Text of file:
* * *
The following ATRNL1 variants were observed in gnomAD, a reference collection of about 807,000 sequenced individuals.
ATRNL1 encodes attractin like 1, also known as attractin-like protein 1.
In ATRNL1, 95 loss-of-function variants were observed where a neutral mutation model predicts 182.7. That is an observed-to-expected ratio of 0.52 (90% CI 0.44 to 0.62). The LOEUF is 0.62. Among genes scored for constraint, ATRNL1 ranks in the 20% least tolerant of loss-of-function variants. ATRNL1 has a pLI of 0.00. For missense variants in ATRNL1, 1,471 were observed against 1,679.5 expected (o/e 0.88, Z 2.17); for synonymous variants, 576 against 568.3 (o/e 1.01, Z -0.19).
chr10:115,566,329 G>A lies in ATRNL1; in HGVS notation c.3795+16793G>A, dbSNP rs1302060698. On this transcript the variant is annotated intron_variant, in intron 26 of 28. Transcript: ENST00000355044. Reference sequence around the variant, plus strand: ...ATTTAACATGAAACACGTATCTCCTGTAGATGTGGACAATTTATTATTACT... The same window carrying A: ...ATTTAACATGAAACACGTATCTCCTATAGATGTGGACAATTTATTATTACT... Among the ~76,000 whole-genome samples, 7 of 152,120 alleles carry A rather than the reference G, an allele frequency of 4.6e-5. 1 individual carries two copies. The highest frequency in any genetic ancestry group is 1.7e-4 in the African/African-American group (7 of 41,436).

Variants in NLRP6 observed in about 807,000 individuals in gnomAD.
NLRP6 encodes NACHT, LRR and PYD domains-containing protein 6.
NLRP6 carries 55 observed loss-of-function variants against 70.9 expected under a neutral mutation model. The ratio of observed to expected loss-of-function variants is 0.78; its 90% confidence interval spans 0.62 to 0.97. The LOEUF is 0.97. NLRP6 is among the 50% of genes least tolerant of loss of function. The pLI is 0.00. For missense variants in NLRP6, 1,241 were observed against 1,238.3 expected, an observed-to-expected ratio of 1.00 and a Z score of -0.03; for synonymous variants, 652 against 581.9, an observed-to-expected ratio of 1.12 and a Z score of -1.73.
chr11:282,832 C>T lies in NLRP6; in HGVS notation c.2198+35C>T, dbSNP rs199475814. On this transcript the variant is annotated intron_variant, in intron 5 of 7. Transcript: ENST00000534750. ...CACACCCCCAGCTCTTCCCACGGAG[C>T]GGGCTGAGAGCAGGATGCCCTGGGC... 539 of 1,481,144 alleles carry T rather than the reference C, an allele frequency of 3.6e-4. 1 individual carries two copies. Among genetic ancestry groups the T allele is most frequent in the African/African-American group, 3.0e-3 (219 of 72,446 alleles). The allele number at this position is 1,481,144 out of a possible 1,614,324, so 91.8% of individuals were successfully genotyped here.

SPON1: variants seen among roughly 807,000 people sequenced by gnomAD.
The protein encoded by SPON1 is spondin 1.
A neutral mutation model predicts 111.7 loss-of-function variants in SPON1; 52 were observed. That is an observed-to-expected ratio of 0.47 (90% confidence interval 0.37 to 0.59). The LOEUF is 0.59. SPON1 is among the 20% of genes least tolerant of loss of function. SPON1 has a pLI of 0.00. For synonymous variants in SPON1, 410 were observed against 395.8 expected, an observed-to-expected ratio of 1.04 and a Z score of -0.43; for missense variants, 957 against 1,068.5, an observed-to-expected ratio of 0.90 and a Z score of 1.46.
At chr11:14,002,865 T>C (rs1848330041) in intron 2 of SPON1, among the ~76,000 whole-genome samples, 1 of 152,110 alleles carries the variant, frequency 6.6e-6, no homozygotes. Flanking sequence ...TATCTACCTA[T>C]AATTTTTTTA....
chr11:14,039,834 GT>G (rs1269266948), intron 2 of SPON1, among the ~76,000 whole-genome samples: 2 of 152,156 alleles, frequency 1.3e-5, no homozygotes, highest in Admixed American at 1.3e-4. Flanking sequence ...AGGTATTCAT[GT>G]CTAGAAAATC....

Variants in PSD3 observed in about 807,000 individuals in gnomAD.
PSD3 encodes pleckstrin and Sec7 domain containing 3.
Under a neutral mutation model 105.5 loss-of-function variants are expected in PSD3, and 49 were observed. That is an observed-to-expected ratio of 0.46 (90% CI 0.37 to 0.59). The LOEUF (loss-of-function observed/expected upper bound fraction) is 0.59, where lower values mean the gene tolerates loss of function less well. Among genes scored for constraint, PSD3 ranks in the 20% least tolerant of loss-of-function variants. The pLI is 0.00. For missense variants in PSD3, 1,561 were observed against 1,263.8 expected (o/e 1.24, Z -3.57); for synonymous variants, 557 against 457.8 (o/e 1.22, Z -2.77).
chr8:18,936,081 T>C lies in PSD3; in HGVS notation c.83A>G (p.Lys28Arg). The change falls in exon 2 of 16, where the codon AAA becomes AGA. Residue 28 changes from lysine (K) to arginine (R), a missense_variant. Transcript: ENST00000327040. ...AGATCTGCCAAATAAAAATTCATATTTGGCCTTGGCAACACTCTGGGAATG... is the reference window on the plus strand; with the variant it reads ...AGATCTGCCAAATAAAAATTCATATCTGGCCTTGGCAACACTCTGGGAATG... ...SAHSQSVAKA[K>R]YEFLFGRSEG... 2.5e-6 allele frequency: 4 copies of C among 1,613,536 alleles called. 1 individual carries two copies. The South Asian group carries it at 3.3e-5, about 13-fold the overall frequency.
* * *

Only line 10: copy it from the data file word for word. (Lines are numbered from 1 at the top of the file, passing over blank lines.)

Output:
The protein encoded by SPON1 is spondin 1.